“What makes greatness is starting something that lives after you.”
—Ralph W. Sockman
In a world of breathtaking technology, it’s sometimes easy to forget that our work—the legacy we create about ourselves—hasn’t changed much. What we do with, and for, other people continues to be the most effective method of creating that positive legacy.
Many words are written and spoken about continuing the enjoyment of model aviation for generations to come, and yet, what have you done about it? Is it important to you?
I’m in a professional environment that allows easy access to what countless modelers think and say—and what they do. The proverbial rubber is on the road with action in my estimation.
Our department receives many weekly requests for support of an outreach program that someone wants to do in his or her community. We also hear about those who choose to keep it all to themselves or even worse, being critical of modelers not doing what they “approve” of.
As we enter into the sUAS chapter in the life of model aviation, you should know that we’re doing well, but we could do better.
I saw an article the other day about a child who was in a wheelchair and his parents decided to build what appeared to be an ice cream truck around his wheelchair so that he could enjoy Halloween. That’s what I’m talking about! Make something work for the best possible result, even if you’re not dealt the best possible hand.
We are all tasked, and not by choice, to be a spokesperson for model aviation and, by default, the AMA. If you’ve been on a two-year trip to a cave, you have possibly missed the fact that the word drone is now an everyday part of our vocabulary and the layman reference to all model aviation.
I stopped to fill up with gas the other day and had two 2-Meter pattern planes in the back of my vehicle. The rear hatch was open and a woman walked by, looked in, and said, “Oh, you’re one of the guys flying the drones?”
Maybe some of you have had these moments as well, but please give careful thought to your response. Many people simply don’t know any better and a couple of minutes of explaining what we do and how we do it safely will go a long way in securing our fun for the future. After a few minutes of conversation, her last words to me were “that really looks like a lot of fun.”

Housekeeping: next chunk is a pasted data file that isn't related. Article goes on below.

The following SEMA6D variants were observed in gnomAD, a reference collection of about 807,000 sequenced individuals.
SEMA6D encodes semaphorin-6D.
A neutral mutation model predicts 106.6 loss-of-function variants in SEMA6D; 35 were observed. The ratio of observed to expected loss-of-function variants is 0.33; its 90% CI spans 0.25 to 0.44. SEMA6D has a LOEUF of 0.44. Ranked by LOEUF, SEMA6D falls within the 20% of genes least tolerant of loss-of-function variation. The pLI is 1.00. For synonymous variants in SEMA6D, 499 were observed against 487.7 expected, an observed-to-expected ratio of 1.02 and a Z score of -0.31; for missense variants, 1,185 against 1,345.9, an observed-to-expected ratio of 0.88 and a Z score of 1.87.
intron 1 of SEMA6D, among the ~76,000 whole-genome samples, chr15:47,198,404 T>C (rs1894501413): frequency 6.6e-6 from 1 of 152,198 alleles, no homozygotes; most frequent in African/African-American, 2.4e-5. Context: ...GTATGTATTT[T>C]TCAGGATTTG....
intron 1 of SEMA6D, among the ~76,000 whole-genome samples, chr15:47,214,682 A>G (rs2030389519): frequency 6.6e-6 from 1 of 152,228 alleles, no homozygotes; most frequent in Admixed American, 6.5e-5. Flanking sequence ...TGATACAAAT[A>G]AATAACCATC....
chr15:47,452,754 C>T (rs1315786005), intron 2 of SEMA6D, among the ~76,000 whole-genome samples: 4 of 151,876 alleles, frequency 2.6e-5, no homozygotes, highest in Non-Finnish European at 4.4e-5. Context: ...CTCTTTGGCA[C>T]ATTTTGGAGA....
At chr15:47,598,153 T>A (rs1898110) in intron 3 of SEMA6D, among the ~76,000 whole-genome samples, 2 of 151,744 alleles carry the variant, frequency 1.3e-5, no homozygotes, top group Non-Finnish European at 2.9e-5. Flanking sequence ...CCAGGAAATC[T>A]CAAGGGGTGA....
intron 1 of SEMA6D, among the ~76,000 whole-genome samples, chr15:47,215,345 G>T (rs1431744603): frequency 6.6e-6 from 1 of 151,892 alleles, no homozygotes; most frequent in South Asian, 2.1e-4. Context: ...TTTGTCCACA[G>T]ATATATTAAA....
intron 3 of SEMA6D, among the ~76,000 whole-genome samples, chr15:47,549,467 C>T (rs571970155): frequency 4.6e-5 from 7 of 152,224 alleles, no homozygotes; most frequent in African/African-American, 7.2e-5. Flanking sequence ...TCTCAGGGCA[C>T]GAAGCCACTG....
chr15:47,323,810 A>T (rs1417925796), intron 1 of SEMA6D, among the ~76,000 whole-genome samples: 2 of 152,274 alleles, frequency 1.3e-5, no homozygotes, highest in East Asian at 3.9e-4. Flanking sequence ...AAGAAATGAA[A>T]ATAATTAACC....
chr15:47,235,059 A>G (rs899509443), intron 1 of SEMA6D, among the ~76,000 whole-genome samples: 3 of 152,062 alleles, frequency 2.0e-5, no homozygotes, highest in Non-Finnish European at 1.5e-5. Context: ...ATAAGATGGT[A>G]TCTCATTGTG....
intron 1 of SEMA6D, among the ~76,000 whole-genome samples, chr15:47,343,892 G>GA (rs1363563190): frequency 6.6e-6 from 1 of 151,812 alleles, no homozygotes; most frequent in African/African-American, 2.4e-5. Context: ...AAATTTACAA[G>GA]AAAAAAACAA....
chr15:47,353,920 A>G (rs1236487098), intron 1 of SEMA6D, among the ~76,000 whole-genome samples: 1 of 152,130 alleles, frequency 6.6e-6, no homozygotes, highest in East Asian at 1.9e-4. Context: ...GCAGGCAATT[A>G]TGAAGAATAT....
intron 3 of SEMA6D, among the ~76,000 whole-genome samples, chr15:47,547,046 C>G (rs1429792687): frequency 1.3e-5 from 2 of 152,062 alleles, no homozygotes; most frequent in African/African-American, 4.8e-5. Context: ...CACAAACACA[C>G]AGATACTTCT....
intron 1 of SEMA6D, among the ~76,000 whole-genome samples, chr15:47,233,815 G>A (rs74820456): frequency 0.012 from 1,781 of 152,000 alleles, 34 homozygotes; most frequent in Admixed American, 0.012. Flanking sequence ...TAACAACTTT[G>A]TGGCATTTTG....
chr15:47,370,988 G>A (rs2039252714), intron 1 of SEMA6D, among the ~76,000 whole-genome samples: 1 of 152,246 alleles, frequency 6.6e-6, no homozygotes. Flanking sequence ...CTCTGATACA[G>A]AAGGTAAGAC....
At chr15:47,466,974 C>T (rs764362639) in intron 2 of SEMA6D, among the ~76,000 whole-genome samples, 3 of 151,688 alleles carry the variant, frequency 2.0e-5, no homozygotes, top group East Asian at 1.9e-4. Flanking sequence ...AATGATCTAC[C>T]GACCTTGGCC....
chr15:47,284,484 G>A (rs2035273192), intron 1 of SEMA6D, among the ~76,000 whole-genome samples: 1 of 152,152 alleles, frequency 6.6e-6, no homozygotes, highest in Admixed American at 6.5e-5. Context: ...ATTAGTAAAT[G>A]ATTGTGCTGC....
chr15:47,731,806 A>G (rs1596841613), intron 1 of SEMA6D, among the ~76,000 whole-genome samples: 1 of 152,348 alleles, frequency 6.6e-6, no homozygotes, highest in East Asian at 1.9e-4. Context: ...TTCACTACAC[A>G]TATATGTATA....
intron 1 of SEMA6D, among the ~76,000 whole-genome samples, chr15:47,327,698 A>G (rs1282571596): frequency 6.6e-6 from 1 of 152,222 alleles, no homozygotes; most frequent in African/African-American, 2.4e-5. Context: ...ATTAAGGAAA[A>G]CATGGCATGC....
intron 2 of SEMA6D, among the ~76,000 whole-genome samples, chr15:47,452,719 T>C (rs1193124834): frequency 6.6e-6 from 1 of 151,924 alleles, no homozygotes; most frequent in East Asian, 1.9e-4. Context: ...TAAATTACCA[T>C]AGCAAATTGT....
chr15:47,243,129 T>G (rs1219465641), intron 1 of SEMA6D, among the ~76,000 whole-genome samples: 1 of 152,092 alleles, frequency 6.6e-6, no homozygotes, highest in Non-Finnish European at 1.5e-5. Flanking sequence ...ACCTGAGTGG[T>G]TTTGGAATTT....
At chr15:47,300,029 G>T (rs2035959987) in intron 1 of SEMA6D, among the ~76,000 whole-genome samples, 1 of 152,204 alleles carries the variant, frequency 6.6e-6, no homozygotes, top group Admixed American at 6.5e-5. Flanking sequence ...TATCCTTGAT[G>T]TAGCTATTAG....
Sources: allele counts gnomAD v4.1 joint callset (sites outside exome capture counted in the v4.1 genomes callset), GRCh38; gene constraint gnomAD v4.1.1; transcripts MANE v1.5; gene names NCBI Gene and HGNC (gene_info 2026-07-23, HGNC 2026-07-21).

It’s all about the message, and our message is something that will live long after us. Maybe she went home and shared her experience with the family and it resonated with just one person—one who might be the next Burt Rutan.
In July 1998, Mike Stokes was the Director of Education and co-wrote a column in Model Aviation. I’ve not had the pleasure of meeting Mike, but he wrote then:
“Response from the April ‘Focus on Education’ article asking ‘Where are the kids?’ has been very enlightening to say the least! In quick summary, ‘they’ really are out there! While RC is certainly the most popular aspect of model aviation, it’s not for everyone and may not be practical for many educational systems as Gordon Schimmel noted in last month’s column.”
Gordon is still with us, spreading the word of community outreach. He has, through his own work and the multiple Alcoa grants he’s secured, shared the magic of model aviation with many thousands of people.
Mike wrote about “the kids who are still out there” more than 16 years ago. Where are those kids now? Graduating a university? Married with a family? Serving in the military? Who really knows?
And today, the kids still remain out there. So are the adults who are wondering about drones and clubs that need our support and resources. There is so much to do, and so much of it remains the same.
Make sure that what you do, how you do it, and the way you treat people is a model for others to admire, respect, and emulate. Find yourself some heroes. There are lots of good ones out there, and many of them will be found with the kids!
Fly and have fun!